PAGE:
To submit an Article for consideration, write to editor@ilw.com.


News

Neufeld Memo On Implementation Of District Court Ruiz Order For Religious Worker Petitions
USCIS Neufeld, Acting Associate Director issued a memorandum implementing the district court's order in Ruiz-Diaz v. United States, No. C07-1881RSL (W.D. Wash. June 11, 2009).


Classifieds

Help Wanted: Immigration Attorneys
The Murthy Law Firm is seeking immigration attorneys with at least three years of experience in business immigration law, with or without litigation experience. Our practice is dynamic and fast-paced. We have high standards with regard to integrity, work ethic, and quality. Successful candidates will have the ability to work both as members of a team and as team leaders. They will join over a dozen high-caliber colleagues and have quality support in the way of legal and administrative staff, as well as technology. They will bring in-depth understanding and knowledge of the breadth of immigration procedures, and are expected to supervise paralegals and support staff. Good writing and analytical skills are required, as well as experience dealing with complex immigration law cases. Litigation experience a plus. Interested candidates may visit www.murthy.com/jobs.html for details regarding the unique benefits of working at the Murthy Law Firm. Resume + cover letter should be forwarded to hr@murthy.com. All communication will be treated in confidence. Salary and benefits are commensurate with experience and abilities. We are an equal opportunity employer. Final interviews of candidates are at our office in Owings Mills, MD, a few minutes from downtown Baltimore, Maryland.

Help Wanted: Immigration Attorney
Small immigration law firm in Northern Virginia seeks associate with 2+ years of experience in litigation before administrative tribunals. Good writing skills. Send resume at mlfernandez@mslaw.pro. Must be fluent in Korean. Salary commensurate to experience. Good benefits.

Help Wanted: Immigration Paralegal
Small immigration law firm in Northern Virginia seeks immigration legal assistant with 2+ years of experience in business immigration law. Send resume at mlfernandez@mslaw.pro. Must be fluent in Korean. Salary commensurate to experience. Good benefits.

Credential Evaluation And Translation
As the nation's leader in foreign credential evaluations and translations, American Evaluation and Translation Service, Inc. (AETS) provides the most competitive rates in the industry – $50 educational evaluations, as well as $200 'expert opinion' work experience and position evaluations completed by PhD university professors who have the "authority to grant college level credit for work experience and/or training." AETS offers a variety of turn-around times, including same-day service for educational, work experience, and position evaluations. For list of rates and times, see: http://aetsinternational.com/applicationforevaluationservices.pdf. AETS also provides certified translations in 100+ languages, with translators that are specialists in 80+ fields. For a copy of the Application for Credential Evaluation and Translation Services, please contact AETS at (786) 276-8190, visit http://www.aetsinternational.com, or email: info@aetsinternational.com.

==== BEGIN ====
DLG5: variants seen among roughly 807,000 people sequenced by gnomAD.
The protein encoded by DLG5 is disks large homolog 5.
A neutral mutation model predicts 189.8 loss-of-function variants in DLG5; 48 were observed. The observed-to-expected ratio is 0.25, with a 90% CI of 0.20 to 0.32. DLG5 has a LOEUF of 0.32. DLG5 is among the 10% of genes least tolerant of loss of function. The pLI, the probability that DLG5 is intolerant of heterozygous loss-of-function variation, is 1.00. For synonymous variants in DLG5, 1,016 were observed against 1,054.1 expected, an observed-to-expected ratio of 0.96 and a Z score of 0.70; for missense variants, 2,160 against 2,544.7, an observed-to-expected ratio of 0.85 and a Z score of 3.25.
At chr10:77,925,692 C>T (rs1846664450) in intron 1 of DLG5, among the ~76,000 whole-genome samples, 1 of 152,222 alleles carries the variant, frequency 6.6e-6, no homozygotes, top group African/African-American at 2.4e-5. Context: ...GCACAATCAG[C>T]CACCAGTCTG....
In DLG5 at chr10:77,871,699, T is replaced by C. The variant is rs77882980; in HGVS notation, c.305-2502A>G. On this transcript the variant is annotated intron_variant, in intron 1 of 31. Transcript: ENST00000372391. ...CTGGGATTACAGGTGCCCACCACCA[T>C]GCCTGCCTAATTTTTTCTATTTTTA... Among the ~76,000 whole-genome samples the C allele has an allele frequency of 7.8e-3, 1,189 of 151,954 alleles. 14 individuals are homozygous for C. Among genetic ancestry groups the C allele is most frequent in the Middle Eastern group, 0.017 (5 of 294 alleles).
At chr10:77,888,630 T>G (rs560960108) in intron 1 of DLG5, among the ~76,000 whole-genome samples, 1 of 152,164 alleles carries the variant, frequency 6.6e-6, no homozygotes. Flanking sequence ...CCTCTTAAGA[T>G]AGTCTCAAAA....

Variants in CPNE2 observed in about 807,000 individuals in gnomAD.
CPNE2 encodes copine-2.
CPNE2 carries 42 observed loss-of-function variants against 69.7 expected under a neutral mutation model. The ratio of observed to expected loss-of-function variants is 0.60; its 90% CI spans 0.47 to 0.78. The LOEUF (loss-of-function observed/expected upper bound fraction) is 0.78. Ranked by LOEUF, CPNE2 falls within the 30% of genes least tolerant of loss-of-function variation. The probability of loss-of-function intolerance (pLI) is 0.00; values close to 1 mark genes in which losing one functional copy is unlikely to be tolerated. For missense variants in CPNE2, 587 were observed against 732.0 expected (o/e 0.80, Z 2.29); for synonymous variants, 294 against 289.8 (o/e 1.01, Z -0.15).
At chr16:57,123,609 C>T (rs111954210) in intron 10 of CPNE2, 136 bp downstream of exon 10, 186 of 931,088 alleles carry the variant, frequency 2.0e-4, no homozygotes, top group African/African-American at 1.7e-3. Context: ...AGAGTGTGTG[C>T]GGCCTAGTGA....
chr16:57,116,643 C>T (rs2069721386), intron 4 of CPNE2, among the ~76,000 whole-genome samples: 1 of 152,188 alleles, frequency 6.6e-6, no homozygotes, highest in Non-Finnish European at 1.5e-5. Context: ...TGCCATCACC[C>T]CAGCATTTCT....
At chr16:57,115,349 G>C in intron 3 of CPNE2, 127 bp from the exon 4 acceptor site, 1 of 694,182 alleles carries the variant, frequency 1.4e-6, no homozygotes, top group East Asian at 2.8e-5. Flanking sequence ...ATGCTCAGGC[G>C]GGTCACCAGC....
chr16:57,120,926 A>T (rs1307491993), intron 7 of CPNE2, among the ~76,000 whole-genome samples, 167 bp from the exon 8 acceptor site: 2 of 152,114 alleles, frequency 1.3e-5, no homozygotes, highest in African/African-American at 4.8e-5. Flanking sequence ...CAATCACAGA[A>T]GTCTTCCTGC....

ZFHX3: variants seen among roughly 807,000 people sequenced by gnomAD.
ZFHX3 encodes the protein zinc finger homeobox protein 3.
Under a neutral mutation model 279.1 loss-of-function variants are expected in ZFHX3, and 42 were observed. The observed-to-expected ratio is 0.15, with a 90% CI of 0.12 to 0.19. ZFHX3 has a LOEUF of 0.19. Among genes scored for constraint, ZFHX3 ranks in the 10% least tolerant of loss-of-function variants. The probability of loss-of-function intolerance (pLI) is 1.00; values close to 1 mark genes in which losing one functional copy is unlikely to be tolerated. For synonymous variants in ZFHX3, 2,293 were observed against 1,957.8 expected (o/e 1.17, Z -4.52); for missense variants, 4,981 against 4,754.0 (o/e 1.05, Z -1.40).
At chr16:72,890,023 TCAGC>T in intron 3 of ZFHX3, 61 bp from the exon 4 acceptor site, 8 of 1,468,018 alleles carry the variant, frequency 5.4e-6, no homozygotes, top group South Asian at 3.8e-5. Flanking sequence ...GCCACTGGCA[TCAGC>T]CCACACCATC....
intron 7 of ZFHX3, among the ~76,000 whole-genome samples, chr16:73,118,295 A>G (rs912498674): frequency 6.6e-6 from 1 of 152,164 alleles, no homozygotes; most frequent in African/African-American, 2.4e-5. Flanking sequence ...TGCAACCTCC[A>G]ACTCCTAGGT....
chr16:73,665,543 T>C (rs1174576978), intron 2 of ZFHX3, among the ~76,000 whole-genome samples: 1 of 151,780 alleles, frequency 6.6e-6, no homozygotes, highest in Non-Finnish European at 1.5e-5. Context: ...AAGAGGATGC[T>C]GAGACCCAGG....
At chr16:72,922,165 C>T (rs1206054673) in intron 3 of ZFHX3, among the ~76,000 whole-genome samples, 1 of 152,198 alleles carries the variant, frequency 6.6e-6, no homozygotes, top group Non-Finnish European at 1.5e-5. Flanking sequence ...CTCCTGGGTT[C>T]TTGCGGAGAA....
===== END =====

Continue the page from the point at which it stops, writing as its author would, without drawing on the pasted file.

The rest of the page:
Immigration Law Certificate
Master the complex and ever changing maze of immigration policies and regulations with the Immigration Law Studies Certificate Program offered by CUNY's School of Professional Studies. This graduate-level certificate program, consisting of (3) three-credit classes, offers students who complete it a comprehensive understanding of the laws, regulations, and processes surrounding the status of immigrants in the US, including family and employment-based immigration and deportation defense. It is designed for individuals working in law firms, companies, government agencies and nonprofit organizations where they interact with immigrants and immigrant legal concerns on a regular basis and would therefore benefit from greater knowledge of the laws and regulations surrounding immigration. Beginning this spring, the program is also being offered online. For more information on class schedules, tuition and fees, course applications and to register, see here.


Headlines

Perception Bests Facts In Debate On Immigration
State Sen. Russell Pearce, R-Mesa, has made a career out of trying to legislate away his perception of the illegal-immigration problem.

Obama Promises Immigration Reform Soon
It seems that finding the time to reform immigration laws is not as simple as Obama had hoped.

Commentary: Immigration Reform Takes Courage
Most of the elite media - given the embarrassing shortage of Hispanic journalists - doesn't have a clue about Hispanic voters.